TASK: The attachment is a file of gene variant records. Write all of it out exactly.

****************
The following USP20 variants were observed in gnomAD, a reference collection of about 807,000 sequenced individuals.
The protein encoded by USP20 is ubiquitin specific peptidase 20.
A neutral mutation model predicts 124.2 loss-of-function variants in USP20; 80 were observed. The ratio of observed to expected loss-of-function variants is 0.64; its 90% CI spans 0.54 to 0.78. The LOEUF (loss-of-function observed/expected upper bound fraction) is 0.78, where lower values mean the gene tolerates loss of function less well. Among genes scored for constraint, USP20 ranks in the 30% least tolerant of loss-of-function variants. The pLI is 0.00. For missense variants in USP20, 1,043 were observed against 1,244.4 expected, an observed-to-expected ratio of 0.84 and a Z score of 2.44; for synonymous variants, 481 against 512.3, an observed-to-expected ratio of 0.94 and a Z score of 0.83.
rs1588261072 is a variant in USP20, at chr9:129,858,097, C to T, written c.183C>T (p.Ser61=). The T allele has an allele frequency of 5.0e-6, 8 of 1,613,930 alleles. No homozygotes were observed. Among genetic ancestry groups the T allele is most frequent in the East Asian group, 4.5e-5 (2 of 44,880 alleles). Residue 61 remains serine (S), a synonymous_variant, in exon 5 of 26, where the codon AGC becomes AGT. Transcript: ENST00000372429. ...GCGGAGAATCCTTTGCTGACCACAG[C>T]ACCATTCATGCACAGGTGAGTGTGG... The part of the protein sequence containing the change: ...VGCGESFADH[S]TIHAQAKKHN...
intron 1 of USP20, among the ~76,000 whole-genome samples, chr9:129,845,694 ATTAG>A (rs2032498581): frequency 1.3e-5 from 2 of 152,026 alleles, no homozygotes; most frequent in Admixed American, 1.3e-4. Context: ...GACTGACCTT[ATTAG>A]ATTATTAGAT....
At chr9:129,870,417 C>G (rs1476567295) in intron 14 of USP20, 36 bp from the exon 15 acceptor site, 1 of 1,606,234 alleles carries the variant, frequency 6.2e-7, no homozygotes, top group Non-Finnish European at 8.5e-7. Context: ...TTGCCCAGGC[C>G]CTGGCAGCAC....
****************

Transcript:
The following USP20 variants were observed in gnomAD, a reference collection of about 807,000 sequenced individuals.
The protein encoded by USP20 is ubiquitin specific peptidase 20.
A neutral mutation model predicts 124.2 loss-of-function variants in USP20; 80 were observed. The ratio of observed to expected loss-of-function variants is 0.64; its 90% CI spans 0.54 to 0.78. The LOEUF (loss-of-function observed/expected upper bound fraction) is 0.78, where lower values mean the gene tolerates loss of function less well. Among genes scored for constraint, USP20 ranks in the 30% least tolerant of loss-of-function variants. The pLI is 0.00. For missense variants in USP20, 1,043 were observed against 1,244.4 expected, an observed-to-expected ratio of 0.84 and a Z score of 2.44; for synonymous variants, 481 against 512.3, an observed-to-expected ratio of 0.94 and a Z score of 0.83.
rs1588261072 is a variant in USP20, at chr9:129,858,097, C to T, written c.183C>T (p.Ser61=). The T allele has an allele frequency of 5.0e-6, 8 of 1,613,930 alleles. No homozygotes were observed. Among genetic ancestry groups the T allele is most frequent in the East Asian group, 4.5e-5 (2 of 44,880 alleles). Residue 61 remains serine (S), a synonymous_variant, in exon 5 of 26, where the codon AGC becomes AGT. Transcript: ENST00000372429. ...GCGGAGAATCCTTTGCTGACCACAG[C>T]ACCATTCATGCACAGGTGAGTGTGG... The part of the protein sequence containing the change: ...VGCGESFADH[S]TIHAQAKKHN...
intron 1 of USP20, among the ~76,000 whole-genome samples, chr9:129,845,694 ATTAG>A (rs2032498581): frequency 1.3e-5 from 2 of 152,026 alleles, no homozygotes; most frequent in Admixed American, 1.3e-4. Context: ...GACTGACCTT[ATTAG>A]ATTATTAGAT....
At chr9:129,870,417 C>G (rs1476567295) in intron 14 of USP20, 36 bp from the exon 15 acceptor site, 1 of 1,606,234 alleles carries the variant, frequency 6.2e-7, no homozygotes, top group Non-Finnish European at 8.5e-7. Context: ...TTGCCCAGGC[C>G]CTGGCAGCAC....